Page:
Hey there, time traveller!
This article was published 22/7/2009 (2804 days ago), so information in it may no longer be current.
The question of whether doctors and nurses should be forced to take flu vaccines has long been a contentious issue in the public-health community. In 2002, the Ontario government withdrew legislation that made it mandatory for paramedics to get flu shots, after the paramedics' union launched a legal challenge under the Charter of Rights and Freedoms.
The Canadian Medical Association, which represents tens of thousands of doctors nationwide, will introduce a resolution at its annual meeting next month that encourages physicians to get the swine-flu vaccine, which is expected to be ready in the fall. But the association will stop short of endorsing mandatory vaccinations, said CMA president Dr. Robert Ouellet.
"We think there should be informed consent," Ouellet said in an interview. "Everyone should have the right to refuse a vaccination if they think it's not right for them."
But some members of the medical community worry that such sensitivity toward the rights of health-care workers could undermine efforts to fight the flu pandemic.
It is believed roughly half of all front-line health-care workers take the seasonal flu shot every year -- a higher rate of uptake than in the general public, but enough to leave an alarming gap in the pandemic battle, some experts say.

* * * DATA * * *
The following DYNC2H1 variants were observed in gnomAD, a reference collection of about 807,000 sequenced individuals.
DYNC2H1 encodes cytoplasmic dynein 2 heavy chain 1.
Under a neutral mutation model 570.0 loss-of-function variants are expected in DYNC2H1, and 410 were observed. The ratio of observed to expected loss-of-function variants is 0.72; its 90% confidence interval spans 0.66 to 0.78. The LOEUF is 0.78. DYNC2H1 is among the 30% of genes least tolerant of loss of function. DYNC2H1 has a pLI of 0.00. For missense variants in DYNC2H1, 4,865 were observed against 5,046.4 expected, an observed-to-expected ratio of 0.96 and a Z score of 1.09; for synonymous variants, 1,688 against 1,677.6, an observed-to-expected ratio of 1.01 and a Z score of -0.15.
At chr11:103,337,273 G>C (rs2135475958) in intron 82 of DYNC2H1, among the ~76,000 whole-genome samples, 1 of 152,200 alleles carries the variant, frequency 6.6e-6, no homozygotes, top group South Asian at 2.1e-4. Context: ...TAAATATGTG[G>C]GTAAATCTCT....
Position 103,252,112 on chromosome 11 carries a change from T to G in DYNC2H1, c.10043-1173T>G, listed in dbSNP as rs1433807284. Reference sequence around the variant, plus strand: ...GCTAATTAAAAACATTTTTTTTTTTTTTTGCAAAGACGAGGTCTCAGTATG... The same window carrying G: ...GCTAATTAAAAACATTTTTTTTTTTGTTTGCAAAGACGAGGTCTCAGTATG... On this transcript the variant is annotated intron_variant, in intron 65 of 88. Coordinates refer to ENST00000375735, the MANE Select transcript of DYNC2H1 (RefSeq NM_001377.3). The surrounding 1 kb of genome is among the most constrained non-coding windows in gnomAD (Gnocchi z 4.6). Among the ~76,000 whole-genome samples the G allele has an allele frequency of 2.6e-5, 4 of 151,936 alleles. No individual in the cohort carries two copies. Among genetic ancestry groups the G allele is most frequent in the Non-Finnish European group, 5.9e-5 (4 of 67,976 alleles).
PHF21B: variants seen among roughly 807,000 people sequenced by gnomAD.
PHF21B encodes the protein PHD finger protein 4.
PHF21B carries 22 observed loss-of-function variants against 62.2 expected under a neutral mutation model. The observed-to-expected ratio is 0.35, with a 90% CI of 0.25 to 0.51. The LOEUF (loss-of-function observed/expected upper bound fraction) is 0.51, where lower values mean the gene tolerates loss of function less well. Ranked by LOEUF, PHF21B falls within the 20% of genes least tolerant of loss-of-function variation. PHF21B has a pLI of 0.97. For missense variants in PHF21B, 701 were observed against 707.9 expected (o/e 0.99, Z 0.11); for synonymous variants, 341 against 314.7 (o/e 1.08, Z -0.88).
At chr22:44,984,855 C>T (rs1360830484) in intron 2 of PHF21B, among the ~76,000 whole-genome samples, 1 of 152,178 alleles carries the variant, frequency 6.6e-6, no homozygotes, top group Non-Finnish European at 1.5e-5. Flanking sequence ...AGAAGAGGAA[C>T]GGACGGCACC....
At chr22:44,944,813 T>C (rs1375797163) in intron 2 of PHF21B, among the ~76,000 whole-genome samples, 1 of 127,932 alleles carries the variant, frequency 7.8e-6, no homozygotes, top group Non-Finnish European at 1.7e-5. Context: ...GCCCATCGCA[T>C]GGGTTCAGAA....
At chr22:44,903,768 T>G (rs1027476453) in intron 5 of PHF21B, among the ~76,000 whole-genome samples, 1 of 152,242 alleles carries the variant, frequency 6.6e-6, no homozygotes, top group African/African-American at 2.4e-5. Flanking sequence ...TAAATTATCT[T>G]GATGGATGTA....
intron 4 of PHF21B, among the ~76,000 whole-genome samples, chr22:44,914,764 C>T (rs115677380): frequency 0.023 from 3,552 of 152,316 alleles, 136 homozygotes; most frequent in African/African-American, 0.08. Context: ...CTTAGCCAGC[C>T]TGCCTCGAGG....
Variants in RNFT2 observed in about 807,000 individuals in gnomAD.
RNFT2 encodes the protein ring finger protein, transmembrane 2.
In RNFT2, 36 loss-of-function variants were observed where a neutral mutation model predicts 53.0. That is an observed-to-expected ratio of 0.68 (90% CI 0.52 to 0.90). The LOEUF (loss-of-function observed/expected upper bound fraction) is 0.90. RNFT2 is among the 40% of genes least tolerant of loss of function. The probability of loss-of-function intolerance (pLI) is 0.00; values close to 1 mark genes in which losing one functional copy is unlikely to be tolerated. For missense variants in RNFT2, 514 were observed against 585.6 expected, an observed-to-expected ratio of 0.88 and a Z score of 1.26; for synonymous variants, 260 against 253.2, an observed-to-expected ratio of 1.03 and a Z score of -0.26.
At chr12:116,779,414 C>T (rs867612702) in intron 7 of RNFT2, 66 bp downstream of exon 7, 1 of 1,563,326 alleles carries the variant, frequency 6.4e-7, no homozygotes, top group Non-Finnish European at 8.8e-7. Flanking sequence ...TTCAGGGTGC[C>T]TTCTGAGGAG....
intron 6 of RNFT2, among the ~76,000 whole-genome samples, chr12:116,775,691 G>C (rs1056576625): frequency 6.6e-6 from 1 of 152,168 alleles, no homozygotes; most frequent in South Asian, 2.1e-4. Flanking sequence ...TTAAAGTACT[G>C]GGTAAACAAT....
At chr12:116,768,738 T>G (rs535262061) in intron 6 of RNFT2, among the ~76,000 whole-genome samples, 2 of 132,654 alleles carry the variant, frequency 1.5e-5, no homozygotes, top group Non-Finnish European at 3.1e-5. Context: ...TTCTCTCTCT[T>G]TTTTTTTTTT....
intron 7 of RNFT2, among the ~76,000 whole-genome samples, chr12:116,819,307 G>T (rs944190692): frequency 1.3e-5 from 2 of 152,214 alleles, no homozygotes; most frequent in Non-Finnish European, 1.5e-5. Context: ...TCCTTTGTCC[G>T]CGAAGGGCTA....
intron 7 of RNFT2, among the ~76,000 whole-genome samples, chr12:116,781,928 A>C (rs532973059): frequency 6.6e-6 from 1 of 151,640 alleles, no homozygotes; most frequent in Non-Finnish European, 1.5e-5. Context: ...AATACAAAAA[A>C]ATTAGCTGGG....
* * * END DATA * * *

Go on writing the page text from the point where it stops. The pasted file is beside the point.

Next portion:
"It's a human-rights issue," said Linda Silas, president of the Canadian Federation of Nurses Unions. "It's like any medication or vaccination. You cannot impose it on workers..."
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The first Canadian case of swine flu that is resistant to the antiviral drug Tamiflu raises a red flag but flu experts Wednesday were still far from pushing the panic button.
The resistant virus was found in a Quebec man, 60, who was given a preventive dose of the antiviral as a precaution because he had a pulmonary condition. His son fell sick with the virus.
But the father also became ill and researchers at a Quebec City laboratory on emerging viruses and antiviral resistance discovered he had a new strain of drug-resistant H1N1 virus.
It's believed the virus adapted to the drug and became resistant.
"It's one isolated case. We have to see what happens and if we do see more and more resistance coming up then that would be concerning," said Dr. Susy Hota, an infectious disease expert with the University Health Network in Toronto.
-- Canwest News Service